With AEW going through a full year of Dynamite, I feel it’s worth expanding the annual Naughty and Nice 3-Count to include All Elite Wrestling’s roster just the same as WWE’s.
As with that list, this is a recap of the best babyfaces, heels and tweeners (if possible) from this particular year. The names were picked solely by my personal opinions, although I tried to factor in accomplishments, longevity, character work, intensity and other kayfabe elements even if I didn’t necessarily prefer that person over some others. I try to be as objective as I can, despite how it’s a mostly subjective topic.
Naturally, your personal preference may disagree. If so, be sure to tell us your list in the comments below!
Without further ado, let’s talk about the men and women who made this year’s AEW list…
“Hangman” Adam Page
Technically speaking, even though AEW likes to act like there are no heels or babyfaces, Page has primarily been a babyface this year. However, he was consistently booked as someone with problems who screwed over his friends and was teetering on the edge of a heel turn he never fully went through with. In my book, that’s a tweener, even if it’s unintentional.
That journey was fun, even though it didn’t reach a more satisfying conclusion. I liked not knowing if they were going to turn him and have him join this potential Four Horsemen group or if they would make him go solo. Here’s hoping this is at least part of the foundation between an eventual scenario where Page is the babyface who dethrones Kenny Omega for the AEW World Championship, preferably at All Out 2021.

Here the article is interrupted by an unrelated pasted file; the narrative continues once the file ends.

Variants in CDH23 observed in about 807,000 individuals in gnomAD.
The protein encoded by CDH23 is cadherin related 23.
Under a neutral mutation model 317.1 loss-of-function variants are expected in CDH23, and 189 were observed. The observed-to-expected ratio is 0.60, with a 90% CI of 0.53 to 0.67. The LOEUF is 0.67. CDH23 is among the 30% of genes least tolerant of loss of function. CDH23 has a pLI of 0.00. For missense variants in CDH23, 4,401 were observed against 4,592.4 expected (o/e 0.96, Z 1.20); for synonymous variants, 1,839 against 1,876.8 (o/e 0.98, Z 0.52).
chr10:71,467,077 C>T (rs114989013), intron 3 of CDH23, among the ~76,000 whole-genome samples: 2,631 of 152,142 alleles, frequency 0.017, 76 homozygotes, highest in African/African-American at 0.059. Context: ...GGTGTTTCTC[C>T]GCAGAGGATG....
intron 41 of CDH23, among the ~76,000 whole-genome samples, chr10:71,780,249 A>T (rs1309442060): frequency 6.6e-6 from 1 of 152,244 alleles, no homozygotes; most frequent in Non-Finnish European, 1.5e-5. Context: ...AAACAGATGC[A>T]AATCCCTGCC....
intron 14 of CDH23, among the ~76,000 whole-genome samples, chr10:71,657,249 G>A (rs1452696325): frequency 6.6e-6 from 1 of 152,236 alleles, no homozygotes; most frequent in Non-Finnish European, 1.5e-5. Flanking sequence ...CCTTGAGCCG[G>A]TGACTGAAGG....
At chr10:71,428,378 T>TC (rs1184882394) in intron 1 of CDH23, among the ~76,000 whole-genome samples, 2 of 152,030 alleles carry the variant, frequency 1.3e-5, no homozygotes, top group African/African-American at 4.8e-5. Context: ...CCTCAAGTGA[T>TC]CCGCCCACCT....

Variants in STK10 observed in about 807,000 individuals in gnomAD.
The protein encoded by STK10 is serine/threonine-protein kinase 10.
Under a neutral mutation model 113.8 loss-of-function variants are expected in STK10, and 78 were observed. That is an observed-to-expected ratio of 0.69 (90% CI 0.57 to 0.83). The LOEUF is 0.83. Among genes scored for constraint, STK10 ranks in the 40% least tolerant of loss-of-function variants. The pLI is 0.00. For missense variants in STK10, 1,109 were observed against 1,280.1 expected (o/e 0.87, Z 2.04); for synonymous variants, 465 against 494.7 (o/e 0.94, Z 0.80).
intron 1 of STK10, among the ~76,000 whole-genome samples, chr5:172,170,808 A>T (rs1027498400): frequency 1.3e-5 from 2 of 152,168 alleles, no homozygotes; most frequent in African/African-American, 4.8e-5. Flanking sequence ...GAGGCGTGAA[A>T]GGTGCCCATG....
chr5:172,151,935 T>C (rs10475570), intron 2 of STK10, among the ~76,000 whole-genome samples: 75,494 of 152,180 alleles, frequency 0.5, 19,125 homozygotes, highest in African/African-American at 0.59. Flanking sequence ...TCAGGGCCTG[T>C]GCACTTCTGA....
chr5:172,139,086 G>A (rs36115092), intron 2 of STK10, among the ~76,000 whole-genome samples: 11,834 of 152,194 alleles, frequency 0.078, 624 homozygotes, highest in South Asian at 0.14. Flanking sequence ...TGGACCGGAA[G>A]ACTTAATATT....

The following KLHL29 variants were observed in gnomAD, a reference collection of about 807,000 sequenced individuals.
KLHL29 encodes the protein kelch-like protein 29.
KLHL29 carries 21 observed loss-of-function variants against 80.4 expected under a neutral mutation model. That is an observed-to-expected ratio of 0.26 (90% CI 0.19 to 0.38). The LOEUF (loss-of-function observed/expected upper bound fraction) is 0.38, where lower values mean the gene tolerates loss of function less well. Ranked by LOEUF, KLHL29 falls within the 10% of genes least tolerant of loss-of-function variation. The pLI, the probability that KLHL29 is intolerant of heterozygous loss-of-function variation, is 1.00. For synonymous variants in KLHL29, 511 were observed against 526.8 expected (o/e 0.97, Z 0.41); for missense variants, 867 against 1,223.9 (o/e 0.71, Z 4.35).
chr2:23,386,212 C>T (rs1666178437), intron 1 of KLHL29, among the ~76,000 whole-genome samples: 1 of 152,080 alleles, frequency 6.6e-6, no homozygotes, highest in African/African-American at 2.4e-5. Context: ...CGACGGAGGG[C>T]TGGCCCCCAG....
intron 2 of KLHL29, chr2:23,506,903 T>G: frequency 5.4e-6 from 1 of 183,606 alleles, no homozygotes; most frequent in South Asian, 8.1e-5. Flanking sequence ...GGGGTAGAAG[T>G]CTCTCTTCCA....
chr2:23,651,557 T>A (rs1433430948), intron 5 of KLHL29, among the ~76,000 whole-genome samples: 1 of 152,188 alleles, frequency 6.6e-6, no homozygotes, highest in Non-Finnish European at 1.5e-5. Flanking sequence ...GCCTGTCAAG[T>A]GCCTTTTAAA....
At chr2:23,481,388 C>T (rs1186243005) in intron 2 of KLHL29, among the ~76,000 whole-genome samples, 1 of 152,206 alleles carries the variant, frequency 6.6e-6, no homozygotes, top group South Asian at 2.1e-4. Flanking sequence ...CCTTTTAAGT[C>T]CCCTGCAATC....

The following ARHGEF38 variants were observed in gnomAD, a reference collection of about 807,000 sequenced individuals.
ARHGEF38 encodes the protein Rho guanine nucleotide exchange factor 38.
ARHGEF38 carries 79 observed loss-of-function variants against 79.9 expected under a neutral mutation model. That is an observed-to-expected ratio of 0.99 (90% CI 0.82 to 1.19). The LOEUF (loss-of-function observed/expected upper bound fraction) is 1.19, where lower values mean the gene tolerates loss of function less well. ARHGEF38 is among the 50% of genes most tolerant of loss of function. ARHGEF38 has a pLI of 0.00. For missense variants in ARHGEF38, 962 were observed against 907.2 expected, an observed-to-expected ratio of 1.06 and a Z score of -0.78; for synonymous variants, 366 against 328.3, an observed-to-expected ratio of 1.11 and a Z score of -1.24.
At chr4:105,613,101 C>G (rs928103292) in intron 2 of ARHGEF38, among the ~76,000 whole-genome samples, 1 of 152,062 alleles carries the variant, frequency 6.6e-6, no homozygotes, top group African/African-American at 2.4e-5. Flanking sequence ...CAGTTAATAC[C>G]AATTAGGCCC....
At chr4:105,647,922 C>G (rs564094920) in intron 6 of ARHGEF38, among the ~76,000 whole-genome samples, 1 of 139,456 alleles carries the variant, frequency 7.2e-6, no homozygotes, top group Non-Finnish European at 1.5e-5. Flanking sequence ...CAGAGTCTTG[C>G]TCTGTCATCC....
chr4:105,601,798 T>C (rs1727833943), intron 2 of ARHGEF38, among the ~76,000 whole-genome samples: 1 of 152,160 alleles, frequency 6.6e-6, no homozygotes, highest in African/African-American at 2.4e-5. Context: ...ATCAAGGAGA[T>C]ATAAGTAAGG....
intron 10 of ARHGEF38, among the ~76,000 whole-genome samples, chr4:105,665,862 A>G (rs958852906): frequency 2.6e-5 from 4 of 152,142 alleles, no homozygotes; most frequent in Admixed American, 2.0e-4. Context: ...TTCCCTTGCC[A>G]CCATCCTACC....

Honorable Mentions: n/a
At the beginning of the year, Jon Moxley was the fierce lone wolf who went after The Inner Circle and managed to take them down a peg by dethroning Chris Jericho for the AEW World Championship.
Over the following months, Moxley was booked very much like Stone Cold Steve Austin from back in the day. He was never kissing babies and shaking hands with everyone in the crowd (partially due to COVID, of course) but it was never in question whether he was one of the good guys. When push came to shove, he stood up for people and held a firm opposition against some of the biggest villains of the year like Dark Order, Lance Archer, Eddie Kingston and Team Taz.
Moxley paired up with plenty of babyfaces, too, to illustrate this point. He took a particular shine to Darby Allin, but he had no issues working alongside others like Will Hobbs.
Back at Winter is Coming, Moxley was cheated out of the AEW World Championship, further illustrating his good guy status as he was honoring the gentleman’s agreement he had with Kenny Omega that The Cleaner went back on.
Best Friends (particularly Orange Cassidy)
Feuding with The Inner Circle is an easy way to position yourself as one of the best heroes of the brand. Orange Cassidy did that and then some.
Extra points are awarded for being one of the coolest characters and most interesting/gifted performers the company has. It’s hard to dislike this guy and he shouldn’t even be polarizing, either, as he’s the most chill person on the roster.